Which Is More Effective For Marketing As A Photographer? I decided to write this blog for two reasons. The first was to question my perceptions in relation to which is the most effective way to display my photography online and the second was to examine if I could make any improvements to make my marketing more effective. I am certainly no expert on marketing, I am meaerly sharing my thoughts and conclusions, bust most importantly I discovered an incredible WordPress plugin that may help you? As a photographer is a website still the best way to “sell” yourself to potential clients, or are the Social Media platforms more effective? Personally, I think having an online presence is the easiest way to display your photographic content and I think it’s expected in today’s technological age. Moreover, an online presence certainly provide a greater potential in relation to reach. In relation to a Social Media presence, Facebook, Instagram, Twitter, LinkedIn and YouTube all have their own templates into which you can place and display your content. However, it is worth paying close attention to their terms and conditions, they can and do regularly change their T&C’s, but I guess that’s the price you pay as their services seem to be free. You may have noticed recently advertisements encouraging you to pay to reach your target market audiences? How effective paying for this service is I don’t know, but the general social media feeds, incur no financial outlay and can be an effective way to market your work with a huge potential in terms of reach. An alternative to purely relying on social media is having your own website to display your work. Today it’s certainly a lot easier and affordable than it was five years ago to have a website, there are numerous options available for every budget and requirement you may have that provide far more control of how your content is displayed. So, is which is better, a web site or social media? Personally, I concluded that they all have elements to play in relation to what I am trying to achieve, I am still looking for a silver bullet, but I think anyone trying market their services and products themselves will always face the same challenges. I have bookmarked websites both well-known and less well known, but recently I started thinking about how did I find the less well-known websites in relation to the Google Search bar? If you really want to understand how the Google Search Bar works. Here is a link: https://computer.howstuffworks.com/internet/basics/google1.htm The simple answer is SEO (Search Engine Optimisation) which is a whole complex area in itself, but a useful to use when trying to learn how to optimize a website is GTMetrix.com I recently learned that GTMetrix can display a poor ranking if there are too many redirects for a URL to the landing page and after Googling how I could fix the redirects issue, although I was able to understand the problem, the solution in relation to changing some code still left me in the dark. The good news for people with no or limited coding skills is that there is a plugin that will identify and solve the redirect issue for you. The Avoider plugin, examines the redirects and then issues a suggestion for a solution. By simply clicking on it, the plugin makes the necessary settings in the .htaccess file – including backup of the existing file and the plugin itself is only 4kb in size. An Example of a redirect issue: If a visitor enters http://domainname.com in the browser, the visitor is redirected to httpS://domainname.com and finally lands on httpS://www.domainname.com. This double redirection is punished by numerous search engines and will affect your web page speed Prior to addressing the redirect issue of my website using Avoider plugin, using GTMetrix my Page Speed Score performance ranked at B 82% & my YSlow at B 86%. Since using the Avoider plugin and running GTMetrix to measure my websites performance, my Page Speed Score performance has now ranked at A 96% & my YSlow at A 93%. That’s certainly a big improvement and should also improve my SEO ratings. If you have website and have not already done so, it’s worth using GTMetrix to see how your site is performing and if you encounter any redirect issues and are not strong on coding, the Avoider plugin is worth a look. Avoider plugin link here: https://en-gb.wordpress.org/plugins/wp-avoider/ GTMetrix plugin link: https://gtmetrix.com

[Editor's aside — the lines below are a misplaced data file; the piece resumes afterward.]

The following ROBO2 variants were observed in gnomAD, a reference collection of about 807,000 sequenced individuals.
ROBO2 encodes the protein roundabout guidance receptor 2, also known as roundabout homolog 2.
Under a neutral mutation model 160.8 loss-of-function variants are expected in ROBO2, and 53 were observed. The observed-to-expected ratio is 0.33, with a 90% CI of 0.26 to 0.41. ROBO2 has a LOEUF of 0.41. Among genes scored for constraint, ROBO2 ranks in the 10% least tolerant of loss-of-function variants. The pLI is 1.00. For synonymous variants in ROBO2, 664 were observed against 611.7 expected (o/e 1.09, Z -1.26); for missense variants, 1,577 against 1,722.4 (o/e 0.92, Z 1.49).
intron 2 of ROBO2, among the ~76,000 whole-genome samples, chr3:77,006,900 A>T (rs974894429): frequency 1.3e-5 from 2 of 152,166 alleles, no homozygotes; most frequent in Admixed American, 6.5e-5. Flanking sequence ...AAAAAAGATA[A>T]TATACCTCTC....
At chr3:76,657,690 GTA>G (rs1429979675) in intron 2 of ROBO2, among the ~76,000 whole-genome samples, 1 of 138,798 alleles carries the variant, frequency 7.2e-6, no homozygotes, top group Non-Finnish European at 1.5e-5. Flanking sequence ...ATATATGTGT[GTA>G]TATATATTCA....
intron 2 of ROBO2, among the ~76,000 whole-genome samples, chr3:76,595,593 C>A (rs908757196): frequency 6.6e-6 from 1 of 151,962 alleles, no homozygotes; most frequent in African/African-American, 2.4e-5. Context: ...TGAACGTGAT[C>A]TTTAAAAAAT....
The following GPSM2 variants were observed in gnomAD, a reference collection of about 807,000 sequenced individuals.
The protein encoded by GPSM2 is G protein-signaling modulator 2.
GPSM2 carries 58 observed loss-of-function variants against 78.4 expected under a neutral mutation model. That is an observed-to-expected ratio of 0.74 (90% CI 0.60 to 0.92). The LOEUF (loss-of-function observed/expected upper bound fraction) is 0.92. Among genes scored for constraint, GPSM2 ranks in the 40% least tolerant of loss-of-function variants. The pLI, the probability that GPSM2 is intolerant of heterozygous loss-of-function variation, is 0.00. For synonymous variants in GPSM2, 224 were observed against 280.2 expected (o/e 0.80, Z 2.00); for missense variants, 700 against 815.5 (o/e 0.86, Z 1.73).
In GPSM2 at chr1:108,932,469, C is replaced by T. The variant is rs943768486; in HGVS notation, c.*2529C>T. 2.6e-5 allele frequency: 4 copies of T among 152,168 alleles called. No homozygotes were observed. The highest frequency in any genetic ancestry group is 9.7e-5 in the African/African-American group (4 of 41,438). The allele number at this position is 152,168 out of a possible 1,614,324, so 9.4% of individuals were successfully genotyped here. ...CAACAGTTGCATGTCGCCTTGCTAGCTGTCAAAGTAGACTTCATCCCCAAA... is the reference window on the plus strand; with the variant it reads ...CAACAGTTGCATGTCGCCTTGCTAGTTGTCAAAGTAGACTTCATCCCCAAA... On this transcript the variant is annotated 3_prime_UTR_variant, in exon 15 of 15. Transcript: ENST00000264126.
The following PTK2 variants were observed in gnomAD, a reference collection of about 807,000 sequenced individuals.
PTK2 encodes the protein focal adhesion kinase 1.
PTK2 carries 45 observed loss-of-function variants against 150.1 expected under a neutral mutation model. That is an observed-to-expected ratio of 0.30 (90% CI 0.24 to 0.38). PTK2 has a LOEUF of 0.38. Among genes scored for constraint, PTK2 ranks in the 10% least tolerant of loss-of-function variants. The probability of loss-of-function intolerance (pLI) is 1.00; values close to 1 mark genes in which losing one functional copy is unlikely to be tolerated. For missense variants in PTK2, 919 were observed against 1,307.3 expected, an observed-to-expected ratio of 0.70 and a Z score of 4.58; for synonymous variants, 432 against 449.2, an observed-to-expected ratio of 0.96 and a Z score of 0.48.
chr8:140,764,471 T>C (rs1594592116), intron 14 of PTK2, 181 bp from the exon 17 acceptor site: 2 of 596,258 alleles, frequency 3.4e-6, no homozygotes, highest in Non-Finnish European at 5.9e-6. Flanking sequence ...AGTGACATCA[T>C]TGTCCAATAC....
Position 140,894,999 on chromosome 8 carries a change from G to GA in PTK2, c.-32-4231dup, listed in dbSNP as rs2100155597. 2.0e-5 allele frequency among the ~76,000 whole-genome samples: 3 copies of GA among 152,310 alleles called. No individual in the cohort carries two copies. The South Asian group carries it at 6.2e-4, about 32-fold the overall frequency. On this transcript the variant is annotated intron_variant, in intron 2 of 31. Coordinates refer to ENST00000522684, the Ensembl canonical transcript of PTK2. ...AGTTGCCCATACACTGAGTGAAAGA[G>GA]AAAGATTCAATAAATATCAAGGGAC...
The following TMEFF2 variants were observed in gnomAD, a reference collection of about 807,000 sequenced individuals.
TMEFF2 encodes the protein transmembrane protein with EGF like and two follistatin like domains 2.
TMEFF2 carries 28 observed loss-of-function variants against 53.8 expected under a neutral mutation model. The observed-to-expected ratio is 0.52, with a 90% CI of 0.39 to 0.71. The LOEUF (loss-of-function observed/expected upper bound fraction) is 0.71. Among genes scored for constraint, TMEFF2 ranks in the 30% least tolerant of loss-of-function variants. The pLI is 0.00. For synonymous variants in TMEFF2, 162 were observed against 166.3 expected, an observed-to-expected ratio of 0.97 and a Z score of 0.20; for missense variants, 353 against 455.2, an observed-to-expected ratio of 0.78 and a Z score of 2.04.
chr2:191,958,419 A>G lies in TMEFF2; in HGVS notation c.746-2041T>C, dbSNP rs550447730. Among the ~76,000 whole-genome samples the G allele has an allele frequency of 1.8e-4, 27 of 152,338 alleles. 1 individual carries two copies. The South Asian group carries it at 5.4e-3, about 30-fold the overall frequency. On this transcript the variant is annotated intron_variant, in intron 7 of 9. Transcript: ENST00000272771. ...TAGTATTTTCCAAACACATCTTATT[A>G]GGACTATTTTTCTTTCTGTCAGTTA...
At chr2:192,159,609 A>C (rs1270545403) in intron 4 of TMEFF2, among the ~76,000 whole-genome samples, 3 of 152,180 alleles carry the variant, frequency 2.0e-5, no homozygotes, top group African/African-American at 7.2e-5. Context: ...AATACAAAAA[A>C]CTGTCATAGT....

The Coronavirus is having an effect on everyone and everything so lots of people are finding themselves with more time on their hands, which could be a good or bad thing depending on one’s financial circumstances. Before the Covid19 crisis, distance and travel were not an issue, it is perhaps only now that we are missing the ability to where and when we desire. I personally am trying to keep my photographic brain active even if we are confined to our local area, although this has led to Fran & I discovering some beautiful local Green Lanes and making the most of our one form of exercise a day. I don’t always take a camera with me on these little escapes from the house, but I decided to revisit one of Green Lane we have discovered and take a flash, a Magbounce and a very small and portable light stand on the walk and take a few images whilst out walking keeping kit lighting kit as portable and light as possible. As my main focus of photography work is equestrian and lifestyle photography, I mainly use C Stands for my lighting, so keeping kit light and ultra-portable is not so important. I think the last wedding we photographed was about three years ago and used to bounce flash and or use a reflector. We had a wedding booked for July, but since the lockdown, this has now been cancelled. However, I had planned on using some very portable lighting kit during the wedding (Magbounce & Magsphere) as wedding are fast paced small and light becomes a priority. I have had some Magmod kit for a few years now and to be honest it rarely gets used, but I have never owned or used the Magbounce, so decided to give it a try prior to the wedding we did have booked before it was cancelled. I purchased the Magbounce just before the Coronavirus pandemic, as my intention was to spend the spring and early summer playing around with it and see what was possible with it, yes you can bounce light off of walls and ceilings, but I was curious as to what the Magbounce could do where there were no wall or ceilings, it was the portability that really appealed to me. As far a testing out the Magbounce out fully, it’s still early days, but for a really small portable lighting mod, so far, it’s growing on me. Will the Magbounce replace the lighting mods I use for equine and lifestyle off camera flash? No, it won’t, but I do intend on trying out some new ideas and for locations where there are no walls or ceilings and I want ultra-portability, this little lighting mod does have a lot of potential.